Bauer has unveiled new equipment for six NHL stars that it says represents "game-changing technology."
The equipment manufacturer says its body suit and skates were designed to be so light that players could get to the puck almost a foot faster on a race from blue-line to blue-line, and new pads were made so goaltenders could get from the post to the top of the crease an inch faster.
If that is indeed the case, it could lead to more innovations in equipment from other manufacturers.
Bauer calls this the "OD1N" project, named after the ruler of the Norse gods and the Russian translation for the number one.
So far the equipment was custom-designed for Alex Ovechkin and Nicklas Backstrom of the Washington Capitals, Jonathan Toews and Patrick Kane of the Chicago Blackhawks, Claude Giroux of the Philadelphia Flyers and Henrik Lundqvist of the New York Rangers.
"Our absolute focus has been towards giving these six players an advantage going into the Olympics, without question," Bauer general manager of ice hockey equipment Craig Desjardins said in a phone interview. "Our focus today has been in the elite of the elite, some of the best players in the world."
Ovechkin is the face of the Sochi Olympics for Russia, while Lundqvist and Backstrom are locks to make the Swedish team. Toews (Canada) and Kane (United States) are sure bets, too, while Giroux is considered a bubble player for Canada.
It remains to be seen if this new equipment helps those players or hinders them in the near future as they adjust.
Lundqvist has been using the pads for several weeks, while Toews and Backstrom have more recently been wearing the body suit, according to Desjardins. Less than two months before the Olympics begin, it's unclear if or when the five skaters will be using the body suit and skates.
"It's much lighter. I didn't think you could make the equipment lighter," Backstrom said in a taped interview provided by Bauer. "The skates are the lightest thing I've ever felt."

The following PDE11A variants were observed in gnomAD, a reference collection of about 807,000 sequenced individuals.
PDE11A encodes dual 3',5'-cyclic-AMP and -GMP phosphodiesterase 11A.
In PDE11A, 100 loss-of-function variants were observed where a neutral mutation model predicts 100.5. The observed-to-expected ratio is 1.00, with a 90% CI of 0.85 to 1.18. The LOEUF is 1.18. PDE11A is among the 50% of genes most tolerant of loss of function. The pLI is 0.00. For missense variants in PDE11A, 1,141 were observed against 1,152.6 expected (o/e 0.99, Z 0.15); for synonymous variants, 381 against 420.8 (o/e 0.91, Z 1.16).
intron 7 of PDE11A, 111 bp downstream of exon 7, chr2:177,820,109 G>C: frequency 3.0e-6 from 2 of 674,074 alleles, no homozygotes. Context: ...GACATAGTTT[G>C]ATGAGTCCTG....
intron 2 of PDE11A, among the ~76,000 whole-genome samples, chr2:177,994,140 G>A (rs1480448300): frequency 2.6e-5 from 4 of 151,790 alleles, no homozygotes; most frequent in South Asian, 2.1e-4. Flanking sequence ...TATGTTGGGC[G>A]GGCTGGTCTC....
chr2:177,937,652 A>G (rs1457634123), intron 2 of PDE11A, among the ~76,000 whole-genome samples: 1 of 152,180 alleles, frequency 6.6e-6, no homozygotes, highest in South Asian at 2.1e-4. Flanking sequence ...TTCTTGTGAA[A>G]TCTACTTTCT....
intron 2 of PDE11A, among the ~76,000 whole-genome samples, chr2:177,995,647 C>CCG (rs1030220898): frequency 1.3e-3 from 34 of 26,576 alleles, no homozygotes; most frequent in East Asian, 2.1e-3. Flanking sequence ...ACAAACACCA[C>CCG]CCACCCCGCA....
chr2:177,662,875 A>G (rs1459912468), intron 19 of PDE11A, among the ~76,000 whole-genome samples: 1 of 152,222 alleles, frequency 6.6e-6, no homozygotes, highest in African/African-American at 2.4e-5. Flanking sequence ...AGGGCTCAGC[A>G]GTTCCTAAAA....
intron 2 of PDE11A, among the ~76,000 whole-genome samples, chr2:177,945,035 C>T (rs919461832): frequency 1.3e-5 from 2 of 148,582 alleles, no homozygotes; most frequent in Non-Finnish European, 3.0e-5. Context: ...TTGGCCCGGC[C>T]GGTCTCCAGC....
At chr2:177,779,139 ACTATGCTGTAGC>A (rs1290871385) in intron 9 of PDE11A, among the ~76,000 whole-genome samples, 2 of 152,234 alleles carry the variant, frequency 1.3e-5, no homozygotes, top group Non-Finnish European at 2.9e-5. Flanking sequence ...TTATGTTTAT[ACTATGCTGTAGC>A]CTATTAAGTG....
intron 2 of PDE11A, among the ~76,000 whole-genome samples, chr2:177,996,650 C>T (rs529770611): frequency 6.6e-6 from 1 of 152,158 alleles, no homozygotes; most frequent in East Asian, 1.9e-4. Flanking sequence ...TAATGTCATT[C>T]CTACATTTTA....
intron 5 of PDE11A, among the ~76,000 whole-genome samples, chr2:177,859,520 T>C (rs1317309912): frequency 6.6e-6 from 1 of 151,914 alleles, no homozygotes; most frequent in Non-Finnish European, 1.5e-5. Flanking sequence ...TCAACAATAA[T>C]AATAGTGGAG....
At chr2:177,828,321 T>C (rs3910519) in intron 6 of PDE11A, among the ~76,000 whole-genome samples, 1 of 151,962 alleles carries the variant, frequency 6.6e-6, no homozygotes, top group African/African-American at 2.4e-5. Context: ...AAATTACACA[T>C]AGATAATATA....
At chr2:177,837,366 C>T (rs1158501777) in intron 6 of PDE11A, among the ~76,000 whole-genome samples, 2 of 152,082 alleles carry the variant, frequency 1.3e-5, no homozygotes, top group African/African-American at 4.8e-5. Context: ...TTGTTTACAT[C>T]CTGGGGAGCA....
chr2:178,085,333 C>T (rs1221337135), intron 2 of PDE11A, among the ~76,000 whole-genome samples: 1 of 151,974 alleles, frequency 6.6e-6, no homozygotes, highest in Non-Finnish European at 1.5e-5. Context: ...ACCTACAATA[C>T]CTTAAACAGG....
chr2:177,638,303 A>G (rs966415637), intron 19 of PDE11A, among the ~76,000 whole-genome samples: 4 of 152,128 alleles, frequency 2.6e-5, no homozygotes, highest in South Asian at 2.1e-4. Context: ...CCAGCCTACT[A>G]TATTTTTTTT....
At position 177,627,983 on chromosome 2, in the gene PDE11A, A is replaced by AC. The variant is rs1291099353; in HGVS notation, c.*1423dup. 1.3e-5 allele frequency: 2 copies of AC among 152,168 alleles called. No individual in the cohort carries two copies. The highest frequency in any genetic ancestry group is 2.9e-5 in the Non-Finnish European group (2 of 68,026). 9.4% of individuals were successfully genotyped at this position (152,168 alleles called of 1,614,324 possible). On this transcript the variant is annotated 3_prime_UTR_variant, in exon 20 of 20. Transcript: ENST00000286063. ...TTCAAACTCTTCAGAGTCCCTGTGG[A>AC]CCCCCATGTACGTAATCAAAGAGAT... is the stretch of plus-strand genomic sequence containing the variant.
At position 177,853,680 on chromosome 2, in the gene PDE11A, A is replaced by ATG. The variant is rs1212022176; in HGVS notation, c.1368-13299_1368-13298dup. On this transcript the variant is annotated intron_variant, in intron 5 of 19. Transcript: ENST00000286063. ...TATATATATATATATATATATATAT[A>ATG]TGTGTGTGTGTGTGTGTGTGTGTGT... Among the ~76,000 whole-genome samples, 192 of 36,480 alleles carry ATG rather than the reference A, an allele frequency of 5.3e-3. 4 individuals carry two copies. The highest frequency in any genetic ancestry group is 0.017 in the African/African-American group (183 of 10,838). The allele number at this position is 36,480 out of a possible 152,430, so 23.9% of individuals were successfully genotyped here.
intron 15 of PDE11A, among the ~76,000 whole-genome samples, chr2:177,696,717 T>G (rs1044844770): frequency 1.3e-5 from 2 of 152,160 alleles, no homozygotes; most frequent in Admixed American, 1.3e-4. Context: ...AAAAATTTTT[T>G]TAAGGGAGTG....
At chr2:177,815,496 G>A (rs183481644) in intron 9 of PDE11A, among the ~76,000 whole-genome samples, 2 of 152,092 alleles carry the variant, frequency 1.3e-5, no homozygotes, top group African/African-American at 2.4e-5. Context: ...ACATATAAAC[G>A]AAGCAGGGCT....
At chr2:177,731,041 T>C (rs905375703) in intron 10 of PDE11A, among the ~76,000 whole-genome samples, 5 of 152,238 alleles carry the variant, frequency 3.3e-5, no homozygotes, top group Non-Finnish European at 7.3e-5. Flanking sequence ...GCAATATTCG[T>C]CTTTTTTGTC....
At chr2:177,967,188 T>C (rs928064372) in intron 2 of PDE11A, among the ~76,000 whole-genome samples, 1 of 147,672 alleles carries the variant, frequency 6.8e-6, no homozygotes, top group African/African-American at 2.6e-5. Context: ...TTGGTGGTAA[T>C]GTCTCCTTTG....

Desjardins and Steve Jones, Bauer's director of global marketing and brand strategy, likened the whole process to designing a "concept car." Developers were tasked with making lighter equipment that was still safe without the constraints of a budget.
Over a million dollars were poured into the "OD1N" project with the goal of finding more ways to make better equipment down the line.
Desjardins said Bauer has worked with Brendan Shanahan and the NHL to make sure this equipment is at least on par with the current products already used on the ice. Using foam was one of the keys to make this equipment lighter.
"You have all the protection you need and it's as light as you can imagine," Toews said in a taped interview provided by Bauer. "As a hockey player the last thing you want to be doing out on the ice is worrying about your equipment. You should never have to think about it, and I think that's exactly what the body equipment from the shoulder pads to the shin pads accomplishes because you really don't feel like you're wearing anything."
The goalie pads are thinner than standard ones because they lack the extra layers and instead feature more foam.
"Especially kicking your legs out, you felt a lot faster. It also felt like you saved a lot of energy," Lundqvist said in a taped interview. "When I rely on my quickness and reaction time, of course that gives me confidence too when I feel like I'm becoming faster out there."